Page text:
More than anything else, voters would be happiest if Congress and President Obama focused on creating jobs, according to the latest United Technologies/National Journal Congressional Connection Poll. And they don't care if lawmakers use Republican or Democratic ideas to do so.
By more than three to one, Americans said they would be "very pleased" or "somewhat pleased," rather than "somewhat disappointed" or "very disappointed," if the chief executive and lawmakers worked together to create jobs—either by cutting taxes and regulations or by increasing federal spending on infrastructure projects. Both options were the most popular of the six policy goals offered to respondents, although majorities also said they'd be happy if the government reduced the deficit, passed an immigration overhaul that included a pathway to citizenship, and expanded gun-sale background checks.
The survey is a wake-up call for Congress. Even as lawmakers have spent most of the year fighting over items ephemeral to the health of the economy, overwhelming numbers of voters would prefer they concentrate their efforts on boosting job growth.
And somewhat surprisingly, a relatively slimmer majority of adults also said they would be pleased if Obamacare was repealed, an encouraging sign for opponents of the law as they continue efforts to wipe it off the books. Most surveys show that adults are unwilling to back an outright repeal of the health care reform, preferring instead to either fix the law or keep it as is. But of the options listed in this survey, repeal was also the least popular of the bunch.
Remarkably, respondents showed little variation when they were asked if they preferred cutting taxes (a conservative priority) or boosting spending (a liberal preference) to create jobs. Seventy-five percent said they would be pleased or very pleased if jobs were created by reducing taxes and regulation, while 77 percent said the same about increasing investment in infrastructure projects. Fewer than 25 percent of people said they would be unhappy if lawmakers achieved either goal.
The numbers varied little across demographics such as race, college education, and age. Republicans and Democrats showed a greater preference for their respective priorities, but large majorities of each party supported both.
A proposal to expand background checks for gun purchases also registered broad support. Seventy-four percent of adults said they would be happy if such a proposal passed, compared with only 22 percent who said they would be unhappy. Remarkably, 56 percent of people said they would be "very pleased" if lawmakers approved the legislation—the highest level of support for any proposal. Despite its popularity, the Senate still failed to pass such a measure earlier this year by a filibuster-proof margin. Several endangered red-state Democrats, such as Sen. Mark Pryor of Arkansas, withheld support.
The measure splits along partisan line. Nearly three-fourths of Democrats said they would be "very pleased" if the gun-control measure passed; only 12 percent said it would make them unhappy. Just 38 percent of Republicans said they would be "very pleased" about passage.
Still, a majority of GOP voters, 66 percent, said approving the legislation would at least "somewhat please" them. Only 32 percent said they would feel "somewhat disappointed" or "very disappointed" if it became law.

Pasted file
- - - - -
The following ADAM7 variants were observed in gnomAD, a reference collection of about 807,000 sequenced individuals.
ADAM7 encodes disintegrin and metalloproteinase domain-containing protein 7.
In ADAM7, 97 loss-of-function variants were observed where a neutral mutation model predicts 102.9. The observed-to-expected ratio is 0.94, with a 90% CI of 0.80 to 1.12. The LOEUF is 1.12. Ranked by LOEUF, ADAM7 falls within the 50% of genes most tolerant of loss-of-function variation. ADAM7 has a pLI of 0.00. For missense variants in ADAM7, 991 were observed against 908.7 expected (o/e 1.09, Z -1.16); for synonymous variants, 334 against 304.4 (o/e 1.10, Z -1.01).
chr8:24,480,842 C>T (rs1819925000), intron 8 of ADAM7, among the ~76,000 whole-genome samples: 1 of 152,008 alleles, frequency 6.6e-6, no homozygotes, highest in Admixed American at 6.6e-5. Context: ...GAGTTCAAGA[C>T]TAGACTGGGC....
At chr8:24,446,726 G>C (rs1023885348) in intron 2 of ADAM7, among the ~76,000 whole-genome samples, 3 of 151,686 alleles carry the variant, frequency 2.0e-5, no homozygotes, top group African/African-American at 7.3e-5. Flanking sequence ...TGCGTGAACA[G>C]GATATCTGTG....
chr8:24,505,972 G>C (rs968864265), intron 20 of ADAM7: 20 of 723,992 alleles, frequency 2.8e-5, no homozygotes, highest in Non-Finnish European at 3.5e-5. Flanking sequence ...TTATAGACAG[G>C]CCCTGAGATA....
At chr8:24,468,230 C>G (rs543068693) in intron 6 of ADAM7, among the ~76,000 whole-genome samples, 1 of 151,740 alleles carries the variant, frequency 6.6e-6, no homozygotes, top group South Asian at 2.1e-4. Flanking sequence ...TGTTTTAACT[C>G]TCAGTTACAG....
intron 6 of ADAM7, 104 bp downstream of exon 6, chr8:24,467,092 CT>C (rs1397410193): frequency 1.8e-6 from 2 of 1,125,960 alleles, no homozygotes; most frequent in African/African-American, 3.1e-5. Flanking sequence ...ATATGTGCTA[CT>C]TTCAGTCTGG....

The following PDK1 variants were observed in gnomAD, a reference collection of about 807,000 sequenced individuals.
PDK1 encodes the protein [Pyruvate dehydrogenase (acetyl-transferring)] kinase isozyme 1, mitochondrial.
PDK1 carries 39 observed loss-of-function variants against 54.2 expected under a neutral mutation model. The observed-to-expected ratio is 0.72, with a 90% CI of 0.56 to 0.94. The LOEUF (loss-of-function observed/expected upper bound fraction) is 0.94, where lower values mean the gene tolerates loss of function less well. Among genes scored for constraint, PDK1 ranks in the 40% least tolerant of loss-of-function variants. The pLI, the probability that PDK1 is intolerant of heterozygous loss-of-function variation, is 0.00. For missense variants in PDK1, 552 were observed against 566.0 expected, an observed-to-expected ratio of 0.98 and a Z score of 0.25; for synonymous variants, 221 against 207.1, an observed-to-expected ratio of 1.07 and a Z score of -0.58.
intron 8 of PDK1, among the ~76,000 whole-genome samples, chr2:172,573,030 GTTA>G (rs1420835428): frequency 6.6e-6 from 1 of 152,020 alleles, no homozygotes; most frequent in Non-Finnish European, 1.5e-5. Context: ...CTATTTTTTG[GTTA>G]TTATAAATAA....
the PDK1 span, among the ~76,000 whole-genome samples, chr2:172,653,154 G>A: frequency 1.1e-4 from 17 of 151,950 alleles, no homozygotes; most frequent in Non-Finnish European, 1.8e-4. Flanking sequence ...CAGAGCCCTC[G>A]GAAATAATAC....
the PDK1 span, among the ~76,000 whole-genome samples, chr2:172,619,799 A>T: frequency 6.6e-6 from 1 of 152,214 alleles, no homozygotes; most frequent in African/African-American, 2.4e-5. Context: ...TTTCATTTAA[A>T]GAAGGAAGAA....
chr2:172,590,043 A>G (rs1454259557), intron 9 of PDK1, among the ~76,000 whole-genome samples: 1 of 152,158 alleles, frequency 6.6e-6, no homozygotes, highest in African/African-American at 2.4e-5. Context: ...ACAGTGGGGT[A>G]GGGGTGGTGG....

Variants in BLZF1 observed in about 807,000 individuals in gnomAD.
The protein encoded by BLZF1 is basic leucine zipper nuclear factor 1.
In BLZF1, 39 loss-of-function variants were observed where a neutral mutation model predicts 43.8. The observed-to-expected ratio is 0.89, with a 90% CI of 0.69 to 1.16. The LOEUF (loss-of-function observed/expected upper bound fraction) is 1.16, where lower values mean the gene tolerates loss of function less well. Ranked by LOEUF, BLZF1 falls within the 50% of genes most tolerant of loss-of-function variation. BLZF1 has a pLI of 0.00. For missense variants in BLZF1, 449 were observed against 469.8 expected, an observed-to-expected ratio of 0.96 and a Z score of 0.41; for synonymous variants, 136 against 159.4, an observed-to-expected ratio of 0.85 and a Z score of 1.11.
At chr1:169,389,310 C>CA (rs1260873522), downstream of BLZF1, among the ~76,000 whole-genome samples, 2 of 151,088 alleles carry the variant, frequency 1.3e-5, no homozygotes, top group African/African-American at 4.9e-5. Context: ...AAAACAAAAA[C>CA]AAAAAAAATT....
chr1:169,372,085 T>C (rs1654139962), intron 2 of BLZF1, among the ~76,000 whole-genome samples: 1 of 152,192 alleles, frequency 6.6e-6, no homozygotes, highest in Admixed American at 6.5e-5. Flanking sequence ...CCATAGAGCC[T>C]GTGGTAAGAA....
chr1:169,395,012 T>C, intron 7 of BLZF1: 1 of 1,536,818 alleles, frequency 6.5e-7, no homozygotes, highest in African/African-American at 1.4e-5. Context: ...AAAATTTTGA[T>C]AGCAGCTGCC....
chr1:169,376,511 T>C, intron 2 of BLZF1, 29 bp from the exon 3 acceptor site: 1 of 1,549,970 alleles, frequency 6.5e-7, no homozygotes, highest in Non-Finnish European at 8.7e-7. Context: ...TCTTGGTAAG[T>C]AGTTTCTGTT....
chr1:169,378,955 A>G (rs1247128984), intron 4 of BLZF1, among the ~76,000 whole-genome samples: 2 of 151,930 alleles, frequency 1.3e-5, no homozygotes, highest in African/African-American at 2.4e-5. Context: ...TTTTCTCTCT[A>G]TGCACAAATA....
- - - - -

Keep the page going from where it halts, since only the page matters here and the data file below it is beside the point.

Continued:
Nearly as large a group of adults said they would be happy if lawmakers approved immigration reform—including a pathway to citizenship and tighter border security. Sixty-six percent of respondents felt that way, compared with 28 percent who said they would be disappointed. Among Republicans, the split is 57 percent in favor to 38 percent opposed. Even one of the most conservative demographics—white men without a college a degree—showed a willingness to accept the reform. Twenty-seven percent of them said they would be "very pleased," compared with 25 percent who said they would be "very disappointed."
The two least popular options were top GOP priorities: reducing the federal deficit and repealing the Affordable Care Act. Asked how they would feel if the deficit were lowered by a combination of tax increases and spending cuts, 54 percent of adults they would be pleased. Forty-one percent, meanwhile, said they would be disappointed.
The split was even smaller when asked about repealing Obamacare, standing at 52 percent to 40 percent. But, even still, the majority support should encourage Republicans, who for weeks have been confronted with poll after poll showing majorities of adults preferring that Congress not repeal the troubled law. Crucially, those surveys asked respondents if they'd prefer to fix the ACA instead of repealing it; this poll offered no such distinction.
Forty-two percent of whites said they would be "very pleased" if the law were repealed; only 24 percent said they'd be "very disappointed." Even among blacks, the most Democratic-leaning of all groups, the difference was nearly even. Forty-four percent said they'd be happy if lawmakers repealed the law; 49 percent said they'd be unhappy.
The United Technologies/National Journal Congressional Connection Poll surveyed 1,003 adults from Nov. 21 to Nov. 24. It has a margin of error of 3.6 percentage points.
This article appears in the December 3, 2013 edition of NJ Daily as Poll: Washington Should Focus on Jobs, Not Health.